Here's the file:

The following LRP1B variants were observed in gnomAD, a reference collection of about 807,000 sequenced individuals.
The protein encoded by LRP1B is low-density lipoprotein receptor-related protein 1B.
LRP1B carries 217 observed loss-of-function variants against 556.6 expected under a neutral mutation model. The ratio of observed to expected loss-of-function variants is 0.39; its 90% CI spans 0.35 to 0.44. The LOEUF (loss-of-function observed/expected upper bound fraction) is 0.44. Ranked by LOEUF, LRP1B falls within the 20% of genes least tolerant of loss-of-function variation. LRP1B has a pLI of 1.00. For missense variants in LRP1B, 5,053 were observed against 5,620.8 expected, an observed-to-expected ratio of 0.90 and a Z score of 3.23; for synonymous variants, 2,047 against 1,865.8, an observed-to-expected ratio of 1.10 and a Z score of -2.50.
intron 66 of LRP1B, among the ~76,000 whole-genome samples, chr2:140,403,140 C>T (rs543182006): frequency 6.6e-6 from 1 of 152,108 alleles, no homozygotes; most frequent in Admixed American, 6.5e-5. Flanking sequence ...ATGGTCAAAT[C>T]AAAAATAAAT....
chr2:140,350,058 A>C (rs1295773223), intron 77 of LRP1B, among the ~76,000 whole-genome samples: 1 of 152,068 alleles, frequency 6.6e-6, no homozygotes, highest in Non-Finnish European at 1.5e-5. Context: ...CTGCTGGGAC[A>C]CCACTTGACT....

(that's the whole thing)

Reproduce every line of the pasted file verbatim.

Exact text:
The following LRP1B variants were observed in gnomAD, a reference collection of about 807,000 sequenced individuals.
The protein encoded by LRP1B is low-density lipoprotein receptor-related protein 1B.
LRP1B carries 217 observed loss-of-function variants against 556.6 expected under a neutral mutation model. The ratio of observed to expected loss-of-function variants is 0.39; its 90% CI spans 0.35 to 0.44. The LOEUF (loss-of-function observed/expected upper bound fraction) is 0.44. Ranked by LOEUF, LRP1B falls within the 20% of genes least tolerant of loss-of-function variation. LRP1B has a pLI of 1.00. For missense variants in LRP1B, 5,053 were observed against 5,620.8 expected, an observed-to-expected ratio of 0.90 and a Z score of 3.23; for synonymous variants, 2,047 against 1,865.8, an observed-to-expected ratio of 1.10 and a Z score of -2.50.
intron 66 of LRP1B, among the ~76,000 whole-genome samples, chr2:140,403,140 C>T (rs543182006): frequency 6.6e-6 from 1 of 152,108 alleles, no homozygotes; most frequent in Admixed American, 6.5e-5. Flanking sequence ...ATGGTCAAAT[C>T]AAAAATAAAT....
chr2:140,350,058 A>C (rs1295773223), intron 77 of LRP1B, among the ~76,000 whole-genome samples: 1 of 152,068 alleles, frequency 6.6e-6, no homozygotes, highest in Non-Finnish European at 1.5e-5. Context: ...CTGCTGGGAC[A>C]CCACTTGACT....